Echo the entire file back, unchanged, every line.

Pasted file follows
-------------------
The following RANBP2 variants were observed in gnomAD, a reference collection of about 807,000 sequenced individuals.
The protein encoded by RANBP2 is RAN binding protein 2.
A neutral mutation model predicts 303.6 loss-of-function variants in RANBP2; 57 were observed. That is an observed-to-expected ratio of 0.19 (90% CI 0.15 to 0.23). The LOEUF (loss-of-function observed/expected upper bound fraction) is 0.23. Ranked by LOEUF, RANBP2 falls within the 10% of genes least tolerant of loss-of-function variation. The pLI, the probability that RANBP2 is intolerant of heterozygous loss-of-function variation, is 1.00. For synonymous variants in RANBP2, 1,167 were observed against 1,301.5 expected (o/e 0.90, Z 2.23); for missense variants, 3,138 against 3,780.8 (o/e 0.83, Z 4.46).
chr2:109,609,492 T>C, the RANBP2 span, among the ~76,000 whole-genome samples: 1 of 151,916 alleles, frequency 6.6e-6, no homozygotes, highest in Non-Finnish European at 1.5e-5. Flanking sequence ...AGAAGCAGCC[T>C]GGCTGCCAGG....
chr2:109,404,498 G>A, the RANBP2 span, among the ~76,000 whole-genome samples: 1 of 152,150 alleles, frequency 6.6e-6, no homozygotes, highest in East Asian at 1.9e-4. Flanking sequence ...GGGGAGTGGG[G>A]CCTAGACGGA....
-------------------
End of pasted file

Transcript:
The following RANBP2 variants were observed in gnomAD, a reference collection of about 807,000 sequenced individuals.
The protein encoded by RANBP2 is RAN binding protein 2.
A neutral mutation model predicts 303.6 loss-of-function variants in RANBP2; 57 were observed. That is an observed-to-expected ratio of 0.19 (90% CI 0.15 to 0.23). The LOEUF (loss-of-function observed/expected upper bound fraction) is 0.23. Ranked by LOEUF, RANBP2 falls within the 10% of genes least tolerant of loss-of-function variation. The pLI, the probability that RANBP2 is intolerant of heterozygous loss-of-function variation, is 1.00. For synonymous variants in RANBP2, 1,167 were observed against 1,301.5 expected (o/e 0.90, Z 2.23); for missense variants, 3,138 against 3,780.8 (o/e 0.83, Z 4.46).
chr2:109,609,492 T>C, the RANBP2 span, among the ~76,000 whole-genome samples: 1 of 151,916 alleles, frequency 6.6e-6, no homozygotes, highest in Non-Finnish European at 1.5e-5. Flanking sequence ...AGAAGCAGCC[T>C]GGCTGCCAGG....
chr2:109,404,498 G>A, the RANBP2 span, among the ~76,000 whole-genome samples: 1 of 152,150 alleles, frequency 6.6e-6, no homozygotes, highest in East Asian at 1.9e-4. Flanking sequence ...GGGGAGTGGG[G>A]CCTAGACGGA....